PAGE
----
The opening of "Station Exchange" is likely to mark the dawn of a new age for virtual property sales in games originally not designed to support this sort of market (e.g.: not using a Real-world Money Model like Project Entropia for example). Services like this will be more widely used and will also be far more secure for both buyer and seller. Previously if you have purchased virtual property from a third party in exchange for real money you had no securities whatsoever (except of course the reputation of the third party service you are using, that would always be questionable).

In-game scamming

Main article: Virtual crime

Scamming can also be a problem in many of these games, as players try to break the rules to further enhance their characters. Typically this occurs by manipulating bugs in the game code or by taking advantage of new players' lack of familiarity with the details of game mechanics. Scammers might lie about the value or use of an item to sell it at a higher price to new players.

Scammers might also simply ask for a password (or whatever they want), claiming to be a representative of the game's developer or someone who can attain massive wealth, but requires the player's password. Some companies that run MMORPGs have a policy that they will never ask a player for their password. Others also apply a special in-game appearance to staff members, such as making their character look different or changing the colour of their name in the chat box.

Uber guilds and zerg guilds

Sometimes, the most powerful characters on a server form a single, influential association popularly called an uber guild (first appearing in Ultima Online). In addition, some guilds mass recruit players to be large enough to have an advantage, nicknamed zerg guild after the Zerg race in the popular real-time strategy game Starcraft that was only effective in large numbers. These groups can use their influence to affect game play by, for example, "owning" areas of the world, controlling the economy, or using tactics like zerging. Such forces discourage casual players.


As opposed to newbies, who are simply new to the game, a noob (or noobie) is a derogatory term used to categorize a player who is ignorant, and often annoying, having little or no skill. Also spelt as "nub" or "n00b" but it still serves the same function, mainly to insult.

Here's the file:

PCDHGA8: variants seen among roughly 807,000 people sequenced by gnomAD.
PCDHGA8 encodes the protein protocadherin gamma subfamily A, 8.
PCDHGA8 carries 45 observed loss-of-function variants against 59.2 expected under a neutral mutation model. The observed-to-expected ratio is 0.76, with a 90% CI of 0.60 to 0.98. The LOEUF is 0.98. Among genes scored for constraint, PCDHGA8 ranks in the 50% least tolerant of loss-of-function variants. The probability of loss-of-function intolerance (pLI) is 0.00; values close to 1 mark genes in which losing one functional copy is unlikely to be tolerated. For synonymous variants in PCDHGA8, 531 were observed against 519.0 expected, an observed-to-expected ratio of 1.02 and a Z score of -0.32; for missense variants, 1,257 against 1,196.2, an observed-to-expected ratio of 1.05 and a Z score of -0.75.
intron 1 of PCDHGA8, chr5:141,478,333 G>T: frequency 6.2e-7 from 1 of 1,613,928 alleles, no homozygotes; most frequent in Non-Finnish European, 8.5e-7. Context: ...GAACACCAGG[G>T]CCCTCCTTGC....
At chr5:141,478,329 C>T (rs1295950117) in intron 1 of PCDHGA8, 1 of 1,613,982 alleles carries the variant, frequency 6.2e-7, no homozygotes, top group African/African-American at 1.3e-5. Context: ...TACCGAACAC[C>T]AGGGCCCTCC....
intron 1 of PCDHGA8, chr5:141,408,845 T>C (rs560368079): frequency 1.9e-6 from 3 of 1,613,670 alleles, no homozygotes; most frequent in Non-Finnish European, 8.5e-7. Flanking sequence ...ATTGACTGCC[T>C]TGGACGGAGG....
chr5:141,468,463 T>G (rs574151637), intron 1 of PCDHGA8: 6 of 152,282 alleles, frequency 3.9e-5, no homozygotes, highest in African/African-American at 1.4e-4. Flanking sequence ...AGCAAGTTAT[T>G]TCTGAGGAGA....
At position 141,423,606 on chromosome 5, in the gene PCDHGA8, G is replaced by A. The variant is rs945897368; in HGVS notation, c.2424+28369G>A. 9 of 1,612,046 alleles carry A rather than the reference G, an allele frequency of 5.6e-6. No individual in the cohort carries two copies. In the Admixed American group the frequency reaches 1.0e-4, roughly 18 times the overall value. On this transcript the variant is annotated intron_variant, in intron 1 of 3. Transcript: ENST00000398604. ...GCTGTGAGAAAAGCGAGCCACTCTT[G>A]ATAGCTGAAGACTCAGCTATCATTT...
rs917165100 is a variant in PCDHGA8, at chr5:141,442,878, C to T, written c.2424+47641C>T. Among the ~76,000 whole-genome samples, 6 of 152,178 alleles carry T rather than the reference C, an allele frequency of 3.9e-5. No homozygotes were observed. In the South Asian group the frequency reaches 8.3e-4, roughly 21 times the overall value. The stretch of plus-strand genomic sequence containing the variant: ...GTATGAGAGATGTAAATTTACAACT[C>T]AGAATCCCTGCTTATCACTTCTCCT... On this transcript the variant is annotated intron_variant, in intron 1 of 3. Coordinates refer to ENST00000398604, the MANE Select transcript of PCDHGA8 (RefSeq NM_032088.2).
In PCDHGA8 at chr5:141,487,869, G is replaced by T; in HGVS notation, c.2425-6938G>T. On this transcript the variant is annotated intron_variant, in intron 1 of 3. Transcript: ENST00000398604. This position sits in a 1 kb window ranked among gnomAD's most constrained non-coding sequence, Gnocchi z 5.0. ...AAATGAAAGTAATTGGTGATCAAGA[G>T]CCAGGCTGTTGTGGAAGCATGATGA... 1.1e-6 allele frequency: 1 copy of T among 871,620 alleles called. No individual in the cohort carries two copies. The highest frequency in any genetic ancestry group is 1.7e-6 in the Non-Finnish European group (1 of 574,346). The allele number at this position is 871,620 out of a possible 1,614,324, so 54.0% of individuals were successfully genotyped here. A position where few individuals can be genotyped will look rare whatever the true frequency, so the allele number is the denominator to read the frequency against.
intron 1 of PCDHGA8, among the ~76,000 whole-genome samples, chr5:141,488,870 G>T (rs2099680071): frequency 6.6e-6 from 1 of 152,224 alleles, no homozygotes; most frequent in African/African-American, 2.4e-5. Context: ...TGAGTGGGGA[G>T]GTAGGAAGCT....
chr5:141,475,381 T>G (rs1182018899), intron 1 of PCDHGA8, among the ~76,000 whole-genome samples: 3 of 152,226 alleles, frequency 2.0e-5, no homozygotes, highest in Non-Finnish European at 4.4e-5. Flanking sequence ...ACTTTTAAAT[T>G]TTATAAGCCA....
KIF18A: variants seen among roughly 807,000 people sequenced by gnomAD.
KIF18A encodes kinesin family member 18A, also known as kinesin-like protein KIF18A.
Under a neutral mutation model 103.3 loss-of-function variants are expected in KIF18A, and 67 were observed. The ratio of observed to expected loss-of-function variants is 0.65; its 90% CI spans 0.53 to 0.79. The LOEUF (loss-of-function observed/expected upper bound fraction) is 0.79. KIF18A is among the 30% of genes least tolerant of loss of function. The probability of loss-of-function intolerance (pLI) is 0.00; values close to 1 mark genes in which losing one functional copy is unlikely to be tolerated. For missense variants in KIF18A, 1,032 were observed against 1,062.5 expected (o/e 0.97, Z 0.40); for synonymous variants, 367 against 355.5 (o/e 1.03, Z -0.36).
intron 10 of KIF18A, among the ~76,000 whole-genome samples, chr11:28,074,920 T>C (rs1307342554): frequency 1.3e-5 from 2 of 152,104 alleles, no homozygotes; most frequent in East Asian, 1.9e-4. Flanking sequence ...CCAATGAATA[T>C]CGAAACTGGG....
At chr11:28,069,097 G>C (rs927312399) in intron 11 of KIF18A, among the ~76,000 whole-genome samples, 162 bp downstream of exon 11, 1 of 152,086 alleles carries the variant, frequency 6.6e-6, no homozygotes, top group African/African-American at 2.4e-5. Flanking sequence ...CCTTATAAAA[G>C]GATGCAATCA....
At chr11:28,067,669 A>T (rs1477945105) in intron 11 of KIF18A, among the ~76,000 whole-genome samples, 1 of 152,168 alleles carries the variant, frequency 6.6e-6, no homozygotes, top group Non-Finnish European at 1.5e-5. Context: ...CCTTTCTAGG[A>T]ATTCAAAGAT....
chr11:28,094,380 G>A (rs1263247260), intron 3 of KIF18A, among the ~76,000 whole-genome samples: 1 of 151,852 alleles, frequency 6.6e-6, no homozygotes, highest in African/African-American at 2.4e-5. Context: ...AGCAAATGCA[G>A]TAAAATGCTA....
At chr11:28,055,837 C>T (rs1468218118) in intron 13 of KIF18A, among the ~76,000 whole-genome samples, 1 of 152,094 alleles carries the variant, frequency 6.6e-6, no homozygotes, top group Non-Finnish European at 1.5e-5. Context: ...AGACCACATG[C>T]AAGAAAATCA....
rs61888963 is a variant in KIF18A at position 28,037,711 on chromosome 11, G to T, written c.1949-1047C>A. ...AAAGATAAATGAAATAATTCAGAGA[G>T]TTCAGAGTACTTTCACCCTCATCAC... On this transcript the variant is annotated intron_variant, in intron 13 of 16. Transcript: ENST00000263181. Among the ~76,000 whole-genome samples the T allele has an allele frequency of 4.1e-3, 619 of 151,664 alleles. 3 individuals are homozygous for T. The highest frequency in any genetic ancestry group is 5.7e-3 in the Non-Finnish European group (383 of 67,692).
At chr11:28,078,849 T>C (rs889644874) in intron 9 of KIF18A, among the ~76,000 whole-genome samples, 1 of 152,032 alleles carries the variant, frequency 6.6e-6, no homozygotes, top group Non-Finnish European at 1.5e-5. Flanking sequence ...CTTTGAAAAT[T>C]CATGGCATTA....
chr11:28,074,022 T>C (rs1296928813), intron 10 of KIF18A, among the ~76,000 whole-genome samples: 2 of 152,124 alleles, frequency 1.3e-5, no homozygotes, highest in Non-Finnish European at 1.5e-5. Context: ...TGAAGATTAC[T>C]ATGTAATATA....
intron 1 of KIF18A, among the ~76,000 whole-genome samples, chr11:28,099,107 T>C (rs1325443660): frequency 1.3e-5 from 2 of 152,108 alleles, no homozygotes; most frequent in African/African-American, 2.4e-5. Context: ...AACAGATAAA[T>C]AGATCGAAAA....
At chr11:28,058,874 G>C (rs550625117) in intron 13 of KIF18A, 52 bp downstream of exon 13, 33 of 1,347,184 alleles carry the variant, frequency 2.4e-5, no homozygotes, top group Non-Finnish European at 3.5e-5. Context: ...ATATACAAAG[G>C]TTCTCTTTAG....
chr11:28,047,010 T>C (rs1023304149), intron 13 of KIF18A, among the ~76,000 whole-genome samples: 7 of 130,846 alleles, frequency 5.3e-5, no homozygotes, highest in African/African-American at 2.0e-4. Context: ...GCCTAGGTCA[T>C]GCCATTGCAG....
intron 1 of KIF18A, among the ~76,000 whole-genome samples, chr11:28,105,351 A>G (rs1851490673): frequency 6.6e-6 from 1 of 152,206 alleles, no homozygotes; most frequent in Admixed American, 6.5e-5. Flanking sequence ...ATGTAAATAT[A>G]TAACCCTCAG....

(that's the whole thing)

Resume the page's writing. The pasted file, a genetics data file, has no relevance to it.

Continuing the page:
However, it also has been used as an extent by arrogant players who see themselves as above true newbies. Despite this, it has become part of etiquette with other characters on MMORPGs.


Farming is a form of hunting where a player kills monsters in the game for the money and items that the monster carries. Players who farm usually camp an area, kill monsters as they spawn, collect the loot, and later sell the items to others. Players often dislike this practice because many farmers sell the virtual loot for real money. Farmers can also dominate areas that were intended to be lucrative hunting grounds for lower-level players.

Some cyber cafés allow people to play for free as long as they give a percentage of what they earn in-game to the owner of the café. The owner of the café then sells the items for real money. There are even online sweatshops, mainly in China, where people actually work with collecting ingame items for their employer who then sell them. It is reported that one can make up to USD$100 a day, which is actually better pay than many other jobs in China.

Games where the emphasis is on acquiring resources and items tend to have farming problems.


Twinking is a term in the MMORPG community refers to outfitting a new character or player with items or other resources that are not normally available at that characters level. The term derives from early MUSH slang, where it was insult given to a player implying that they lacked skill in role-playing or in social graces. Twinking is somewhat rarer now as most of the newer MMORPGs have level limits on equipment preventing low level players from using high level armor - the result, however, has been to drastically inflate the price of exceptionally powerful low-level gear in game.

Private Servers